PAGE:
In reality, though, the bill passed by the House on Thursday didn't deal with food stamps at all. And the lack of congressional action on food stamps could keep the $80 billion-a-year program untouched by any cuts.
That didn't stop several Democrats from stating that the legislation "takes food nutrition from working families." House Minority Leader Nancy Pelosi told Republicans just before the bill passed on a narrow 216-208 vote: "You are taking food out of the mouths of your own poor constituents."
Money for food stamps, now called the Supplemental Nutrition Assistance Program, or SNAP, has for decades been linked to farm programs in what is known as the farm bill. That union has brought urban Democratic support for the rural farm programs, which are renewed about every five years.
But the longtime pairing ended abruptly amid battles over cuts in the food stamp program, which derailed the farm bill last month.
Some Republicans have said there is rampant fraud in the program and benefits are going to some people who aren't eligible. In the 2012 presidential campaign, then-candidate Newt Gingrich once said that people could use food stamps for anything, including trips to Hawaii. In fact, food stamps can only be used for food purchases at retail outlets. And Agriculture Department officials have cracked down on fraud in recent years.
The program has still doubled in cost since 2008, to almost $80 billion a year. Although some benefits have gone up, the main growth comes from a big jump in the number of participants, a result of the economic recession. All told, almost 47 million people used SNAP last year, or one in seven Americans. That number has not gone down this year.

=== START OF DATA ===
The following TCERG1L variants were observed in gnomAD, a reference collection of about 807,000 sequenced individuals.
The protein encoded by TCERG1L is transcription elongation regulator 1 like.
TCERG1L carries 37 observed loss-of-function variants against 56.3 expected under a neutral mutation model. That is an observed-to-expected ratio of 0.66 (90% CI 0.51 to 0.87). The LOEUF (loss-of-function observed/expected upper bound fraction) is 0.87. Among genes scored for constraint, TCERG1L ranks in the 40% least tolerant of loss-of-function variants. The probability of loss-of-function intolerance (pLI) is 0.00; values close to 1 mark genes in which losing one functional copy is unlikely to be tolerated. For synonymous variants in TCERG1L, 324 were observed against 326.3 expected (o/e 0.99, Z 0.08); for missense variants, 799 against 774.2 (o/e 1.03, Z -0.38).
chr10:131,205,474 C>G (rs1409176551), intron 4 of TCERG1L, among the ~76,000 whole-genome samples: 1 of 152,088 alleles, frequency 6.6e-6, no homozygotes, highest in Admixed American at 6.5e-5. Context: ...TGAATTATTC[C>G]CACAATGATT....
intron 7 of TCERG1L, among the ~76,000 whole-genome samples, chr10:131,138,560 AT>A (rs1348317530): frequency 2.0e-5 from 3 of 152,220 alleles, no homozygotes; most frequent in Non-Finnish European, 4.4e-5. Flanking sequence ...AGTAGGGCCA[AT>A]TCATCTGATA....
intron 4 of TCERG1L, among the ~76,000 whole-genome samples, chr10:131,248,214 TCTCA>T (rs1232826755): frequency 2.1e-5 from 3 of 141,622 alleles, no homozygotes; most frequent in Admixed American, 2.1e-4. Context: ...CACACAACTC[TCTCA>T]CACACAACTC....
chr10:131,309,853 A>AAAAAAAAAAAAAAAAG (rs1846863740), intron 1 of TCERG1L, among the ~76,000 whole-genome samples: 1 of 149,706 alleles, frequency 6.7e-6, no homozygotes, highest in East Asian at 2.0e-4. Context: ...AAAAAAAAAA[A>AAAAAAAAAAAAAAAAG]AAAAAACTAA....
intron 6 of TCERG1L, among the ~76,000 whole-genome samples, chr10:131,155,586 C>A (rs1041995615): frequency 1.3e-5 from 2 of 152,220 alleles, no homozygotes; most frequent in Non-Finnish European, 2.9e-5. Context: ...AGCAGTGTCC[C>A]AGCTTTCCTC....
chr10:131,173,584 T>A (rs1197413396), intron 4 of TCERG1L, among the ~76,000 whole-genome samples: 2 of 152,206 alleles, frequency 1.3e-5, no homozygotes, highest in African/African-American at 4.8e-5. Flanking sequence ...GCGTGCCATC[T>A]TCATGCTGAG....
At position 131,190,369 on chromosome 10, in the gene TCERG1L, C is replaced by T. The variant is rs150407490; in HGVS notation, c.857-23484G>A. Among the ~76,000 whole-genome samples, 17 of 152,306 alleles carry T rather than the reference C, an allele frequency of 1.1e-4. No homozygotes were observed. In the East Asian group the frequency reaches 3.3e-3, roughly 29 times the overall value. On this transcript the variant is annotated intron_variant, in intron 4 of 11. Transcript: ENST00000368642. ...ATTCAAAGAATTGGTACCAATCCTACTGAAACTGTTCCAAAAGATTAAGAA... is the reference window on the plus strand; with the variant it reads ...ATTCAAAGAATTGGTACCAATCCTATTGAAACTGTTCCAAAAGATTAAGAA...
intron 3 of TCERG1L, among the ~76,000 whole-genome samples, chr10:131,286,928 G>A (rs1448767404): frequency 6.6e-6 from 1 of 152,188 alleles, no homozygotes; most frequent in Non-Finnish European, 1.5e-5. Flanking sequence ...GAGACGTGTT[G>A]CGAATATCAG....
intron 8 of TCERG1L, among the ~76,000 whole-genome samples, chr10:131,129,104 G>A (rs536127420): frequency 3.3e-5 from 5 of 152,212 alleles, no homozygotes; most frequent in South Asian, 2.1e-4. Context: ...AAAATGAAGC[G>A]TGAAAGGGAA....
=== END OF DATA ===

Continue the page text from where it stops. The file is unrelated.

Republicans said a separate food stamp bill would come at a later date. Until that happens, food stamps will continue as they are. They are paid for by annual spending bills and the Democratic Senate and President Barack Obama have strongly objected to making major cuts.
Still, the concerns that Democrats expressed Thursday could come to fruition.
House Republicans have made many different proposals that would radically overhaul food stamps — cracking down on eligibility, increasing work requirements or adding an expiration date to the program. And after quickly moving the farm-only bill to the floor and rallying most of his caucus to vote for it, House Majority Leader Eric Cantor, R-Va., said Republicans would "act with dispatch" to get a separate food stamp bill to the floor.
But it won't be easy. Republicans themselves are divided on the issue. There is no consensus on how much the program should be cut or changed, and more moderate Republicans would likely balk at the bigger changes sought by conservatives.
Adding to the difficulty is how those issues would be resolved in conference negotiations with the Senate, which passed its own version of a farm bill in June. That bill includes food stamps and would only cut them by a half percent. Senate Democrats have said repeatedly that they will reject major changes or higher cuts to the program.
All of that disagreement strongly strengthens the possibility that current food and farm law will simply be extended when it expires in September — keeping food stampsat the same levels they are now.
The greater concern for food stamp advocates is the long-term damage that splitting the farm bill in two, and making food stamps a partisan issue, could have. If SNAP is not protected in the farm bill, or if future farm bills don't pass, Republicans could eventually find other ways to cut SNAP — including in the annual appropriations bills that actually fund the food stamps.
"There's a long history of bipartisanship on this," Rep. James McGovern, D-Mass., said on the floor, referring to food stamps in the farm bill. "All of a sudden this has become a partisan issue, and the target, so that you can try to balance the budget, has been placed right on the programs like SNAP."
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